"They ought to be waxed good and proper!" said Chip Macklin.

"Who?" asked Dave.

"Our eleven, Dave. Oh, I know what you will say—that that isn't the true school spirit and all that—but just the same, Poole and Frapley and that bunch don't deserve to win."

"I've got half a notion not to go to the game," declared Sam.

"I am going," answered Dave. "I don't like that crowd, and I don't think we were treated fairly. Just the same, for the honor of Oak Hall, I am going to the game and root for our side."

"The same old Dave!" murmured Roger, in admiration. "Well, if you're going I am going too."

Lemington was situated several miles up the river, and while some of the boys decided to go to that town by the carryall and on their bicycles and motor-cycles, others decided to go up in boats.

As my old readers know, Nat Poole was the owner of a good-sized motor-boat, a craft he had had stored in the boathouse since the last summer. In this boat the dudish student frequently went for a cruise up and down the river, taking his cronies along. The fact that he owned the craft and could give them a ride, made Nat quite popular with some of the students.

"I'll take the eleven up to Lemington in my motor-boat," said Nat to the manager. "It will be a fine sail, if the weather is good." And so it was arranged.

As the weather remained warm, Dave and his chums often went out on the river for a row, and one afternoon they rowed as far as Bush Island, about two miles away. On the island were some chestnut trees, and the boys walked over to see if the nuts were fit to gather.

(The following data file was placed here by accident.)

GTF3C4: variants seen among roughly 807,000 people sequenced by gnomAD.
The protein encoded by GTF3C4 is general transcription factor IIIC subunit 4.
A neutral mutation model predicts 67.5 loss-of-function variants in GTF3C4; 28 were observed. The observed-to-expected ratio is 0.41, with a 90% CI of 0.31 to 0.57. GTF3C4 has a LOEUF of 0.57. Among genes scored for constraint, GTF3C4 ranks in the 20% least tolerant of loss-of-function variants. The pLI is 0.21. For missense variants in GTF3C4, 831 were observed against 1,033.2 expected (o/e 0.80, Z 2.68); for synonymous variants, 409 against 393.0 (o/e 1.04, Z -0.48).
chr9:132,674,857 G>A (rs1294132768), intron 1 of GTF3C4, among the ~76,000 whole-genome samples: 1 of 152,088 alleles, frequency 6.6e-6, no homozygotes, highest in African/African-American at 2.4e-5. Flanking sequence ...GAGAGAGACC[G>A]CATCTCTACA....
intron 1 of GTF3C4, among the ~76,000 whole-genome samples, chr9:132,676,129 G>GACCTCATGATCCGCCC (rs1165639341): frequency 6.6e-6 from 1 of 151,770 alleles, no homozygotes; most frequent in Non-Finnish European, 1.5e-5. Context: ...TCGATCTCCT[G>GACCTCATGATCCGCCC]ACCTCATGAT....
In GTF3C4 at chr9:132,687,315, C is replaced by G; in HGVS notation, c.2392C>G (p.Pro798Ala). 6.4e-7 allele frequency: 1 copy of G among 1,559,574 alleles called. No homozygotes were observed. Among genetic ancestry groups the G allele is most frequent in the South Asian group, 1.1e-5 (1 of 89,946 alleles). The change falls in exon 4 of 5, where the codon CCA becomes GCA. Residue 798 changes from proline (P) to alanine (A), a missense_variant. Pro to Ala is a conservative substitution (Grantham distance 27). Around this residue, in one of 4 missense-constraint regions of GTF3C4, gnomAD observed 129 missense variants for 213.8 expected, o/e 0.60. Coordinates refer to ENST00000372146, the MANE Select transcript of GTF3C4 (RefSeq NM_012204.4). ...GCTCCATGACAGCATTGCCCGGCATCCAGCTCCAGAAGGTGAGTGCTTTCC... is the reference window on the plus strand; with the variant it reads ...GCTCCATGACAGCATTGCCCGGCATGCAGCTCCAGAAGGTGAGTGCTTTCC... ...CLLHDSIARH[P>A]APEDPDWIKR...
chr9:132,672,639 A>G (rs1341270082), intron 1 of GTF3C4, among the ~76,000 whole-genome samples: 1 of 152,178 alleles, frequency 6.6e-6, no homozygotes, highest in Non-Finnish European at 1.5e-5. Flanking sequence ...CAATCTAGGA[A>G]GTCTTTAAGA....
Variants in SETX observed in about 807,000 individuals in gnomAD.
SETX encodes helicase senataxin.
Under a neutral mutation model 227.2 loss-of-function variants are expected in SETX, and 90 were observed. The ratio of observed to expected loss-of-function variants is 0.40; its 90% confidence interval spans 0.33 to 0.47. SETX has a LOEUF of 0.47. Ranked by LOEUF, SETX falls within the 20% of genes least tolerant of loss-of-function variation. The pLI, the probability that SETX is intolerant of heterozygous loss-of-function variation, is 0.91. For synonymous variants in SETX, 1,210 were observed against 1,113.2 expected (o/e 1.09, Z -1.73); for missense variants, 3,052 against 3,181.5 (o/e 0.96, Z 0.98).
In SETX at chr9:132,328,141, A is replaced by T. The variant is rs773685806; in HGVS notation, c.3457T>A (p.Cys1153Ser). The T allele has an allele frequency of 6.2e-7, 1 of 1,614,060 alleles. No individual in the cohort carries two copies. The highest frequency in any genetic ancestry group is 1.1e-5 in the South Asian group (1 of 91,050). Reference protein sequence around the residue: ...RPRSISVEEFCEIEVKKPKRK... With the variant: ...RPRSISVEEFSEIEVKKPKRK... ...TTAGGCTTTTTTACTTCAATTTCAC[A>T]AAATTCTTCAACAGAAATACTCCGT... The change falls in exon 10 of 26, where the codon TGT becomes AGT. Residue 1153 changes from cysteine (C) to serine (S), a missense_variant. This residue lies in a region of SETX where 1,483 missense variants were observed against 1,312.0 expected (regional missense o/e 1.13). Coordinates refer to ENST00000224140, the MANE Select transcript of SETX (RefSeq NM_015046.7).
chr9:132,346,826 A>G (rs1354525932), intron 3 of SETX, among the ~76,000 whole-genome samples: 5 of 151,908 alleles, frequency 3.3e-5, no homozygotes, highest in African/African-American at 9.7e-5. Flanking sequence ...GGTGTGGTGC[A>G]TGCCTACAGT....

"I see some other fellows here!" cried Roger, and pointed to some boys in military uniforms some distance away.

"They must be fellows from Rockville Academy," answered Dave. "I didn't think they'd come as far as this after school hours."

"Well, I suppose they have as much right here as we have," was Phil's comment.

They passed on, and presently lost sight of the other crowd. Then, quarter of an hour later, they came out on the island shore, to see the other lads in a rowboat, just getting ready to leave the place.

"Why, there are Link Merwell and Nick Jasniff!" exclaimed Roger.

"Right you are," answered Dave. Then he gave another look. "Where is our boat?" he questioned, quickly.

All looked around and saw that their rowboat was missing.

"They must have taken it," cried Phil. He raised his voice: "I say, Merwell! Jasniff! Stop, I want to talk to you!"

"Not much!" called back Nick Jasniff.

"We don't want to talk to you," answered Link Merwell.

"What have you done with out boat?" questioned Roger.

"That's for you to find out!" returned Nick Jasniff. "Ta ta! Hope you have a nice time getting back to Oak Hall!"

And then he and Link Merwell and their companions took up their oars and rowed swiftly away from Bush Island.